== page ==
Holiday hucksters won’t stop at Cyber Monday

Holiday hucksters won't stop at Cyber Monday

Santa image courtesy of ShutterstockAs with every holiday or well-recognized event, spammers shift away from their everyday offers of magical dietary supplements and instead pitch special “Cyber Monday” and “Black Friday” magical dietary supplements.

Not all Cyber Monday/Black Friday spam was harmless. Many of the typical offers of free iPads and $300 gift cards demanded your personal information and tried to sign you up for services you probably don’t want.

While total spam volumes were down, there was no shortage of email spammers trying to take advantage of our interest in a good deal.

Spam messages from Thanksgiving shopping 2012

Above is an example of some emails I spotted this morning. Being from Michigan, I was happy to see there is no shortage of trucks from Detroit, but I am not likely to buy one from “50,000 trucks.”

One problem consumers face this time of year is trying to figure out which “unbelievable, this week only” deals are real and which are fake, considering the insane discounts some merchants are offering.

Scams we see on Facebook, Twitter and other social media sites often offer deals that are too good to be true as well. How can you tell the difference?

Easy! Don’t trust any of them. Lots of people are looking to make money off of the Christmas giftgiving bonanza and many of them are scammers.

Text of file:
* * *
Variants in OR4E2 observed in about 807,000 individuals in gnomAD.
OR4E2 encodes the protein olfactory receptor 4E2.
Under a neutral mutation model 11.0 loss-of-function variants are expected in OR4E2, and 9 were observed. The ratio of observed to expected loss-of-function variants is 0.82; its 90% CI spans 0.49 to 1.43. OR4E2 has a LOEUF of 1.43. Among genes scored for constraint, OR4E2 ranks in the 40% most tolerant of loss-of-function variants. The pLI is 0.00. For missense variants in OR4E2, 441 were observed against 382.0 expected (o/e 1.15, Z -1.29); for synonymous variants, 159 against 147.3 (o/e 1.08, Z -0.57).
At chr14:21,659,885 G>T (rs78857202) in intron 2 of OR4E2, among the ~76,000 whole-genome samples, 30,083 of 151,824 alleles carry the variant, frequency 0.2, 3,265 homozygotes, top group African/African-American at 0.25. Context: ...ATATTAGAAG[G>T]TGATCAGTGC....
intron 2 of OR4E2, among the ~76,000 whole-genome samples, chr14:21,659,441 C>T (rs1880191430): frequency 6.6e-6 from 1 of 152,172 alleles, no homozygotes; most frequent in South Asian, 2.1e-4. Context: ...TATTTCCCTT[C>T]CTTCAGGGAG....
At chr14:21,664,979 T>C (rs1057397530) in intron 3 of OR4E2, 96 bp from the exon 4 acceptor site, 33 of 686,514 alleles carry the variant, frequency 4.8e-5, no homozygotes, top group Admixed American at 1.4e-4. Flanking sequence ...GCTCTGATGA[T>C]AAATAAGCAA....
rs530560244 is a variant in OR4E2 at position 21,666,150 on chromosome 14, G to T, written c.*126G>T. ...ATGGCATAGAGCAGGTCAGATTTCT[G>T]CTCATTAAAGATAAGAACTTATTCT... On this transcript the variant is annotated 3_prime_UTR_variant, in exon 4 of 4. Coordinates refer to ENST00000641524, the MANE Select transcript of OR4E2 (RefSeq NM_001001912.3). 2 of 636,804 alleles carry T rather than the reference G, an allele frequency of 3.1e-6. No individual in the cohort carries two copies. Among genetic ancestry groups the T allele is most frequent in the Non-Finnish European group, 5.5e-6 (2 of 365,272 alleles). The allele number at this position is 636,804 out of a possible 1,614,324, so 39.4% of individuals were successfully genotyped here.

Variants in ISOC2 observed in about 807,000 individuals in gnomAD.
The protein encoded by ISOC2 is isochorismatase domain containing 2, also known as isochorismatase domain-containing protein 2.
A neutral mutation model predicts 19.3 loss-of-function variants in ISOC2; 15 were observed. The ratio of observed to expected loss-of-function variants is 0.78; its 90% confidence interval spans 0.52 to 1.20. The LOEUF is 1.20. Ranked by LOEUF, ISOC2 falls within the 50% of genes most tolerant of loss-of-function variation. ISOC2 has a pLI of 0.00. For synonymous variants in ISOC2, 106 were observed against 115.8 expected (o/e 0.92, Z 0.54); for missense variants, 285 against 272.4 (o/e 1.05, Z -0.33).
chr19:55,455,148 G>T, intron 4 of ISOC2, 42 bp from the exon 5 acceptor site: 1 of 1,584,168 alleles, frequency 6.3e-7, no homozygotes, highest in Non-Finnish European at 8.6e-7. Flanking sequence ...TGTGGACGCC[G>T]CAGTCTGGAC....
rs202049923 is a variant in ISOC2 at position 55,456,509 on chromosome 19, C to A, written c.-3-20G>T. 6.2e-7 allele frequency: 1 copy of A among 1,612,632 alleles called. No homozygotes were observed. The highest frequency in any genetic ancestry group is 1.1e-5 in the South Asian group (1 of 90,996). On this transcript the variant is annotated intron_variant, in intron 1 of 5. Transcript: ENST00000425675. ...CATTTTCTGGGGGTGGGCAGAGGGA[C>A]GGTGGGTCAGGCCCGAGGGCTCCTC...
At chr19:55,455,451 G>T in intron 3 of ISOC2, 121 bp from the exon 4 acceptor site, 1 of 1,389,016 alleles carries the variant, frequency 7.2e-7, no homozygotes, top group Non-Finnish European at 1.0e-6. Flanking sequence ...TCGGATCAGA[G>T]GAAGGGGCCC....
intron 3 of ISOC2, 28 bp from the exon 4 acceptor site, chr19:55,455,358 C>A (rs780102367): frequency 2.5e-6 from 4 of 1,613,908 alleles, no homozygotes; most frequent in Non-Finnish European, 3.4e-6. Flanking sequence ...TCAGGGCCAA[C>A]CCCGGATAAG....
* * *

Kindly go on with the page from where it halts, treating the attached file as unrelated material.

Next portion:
If you receive an email or online solicitation you are interested in, don’t click any links.

If it is a company you already do business with, simply open a browser tab and go directly to its website, where you can learn about legitimate offers. If it is unsolicited, delete it.

One reason email spam volumes are dropping is that scammers are migrating to social media sites like Facebook. They can reach a large audience and bank on the trust you place in your friends for credibility.

When you see a post on someone’s wall or a tweet from a colleague, treat it the same as an unsolicited email. Don’t click it. Go to the real source and if necessary contact the sender to confirm its veracity.

Black Friday and Cyber Monday may officially be over, but con artists will not likely pass up the opportunity to exploit Christmas/New Year’s/Hanukkah/Kwanzaa/End of Earth (Mayan)/Festivus.

Stay alert, my friends.

Santa image courtesy of Shutterstock.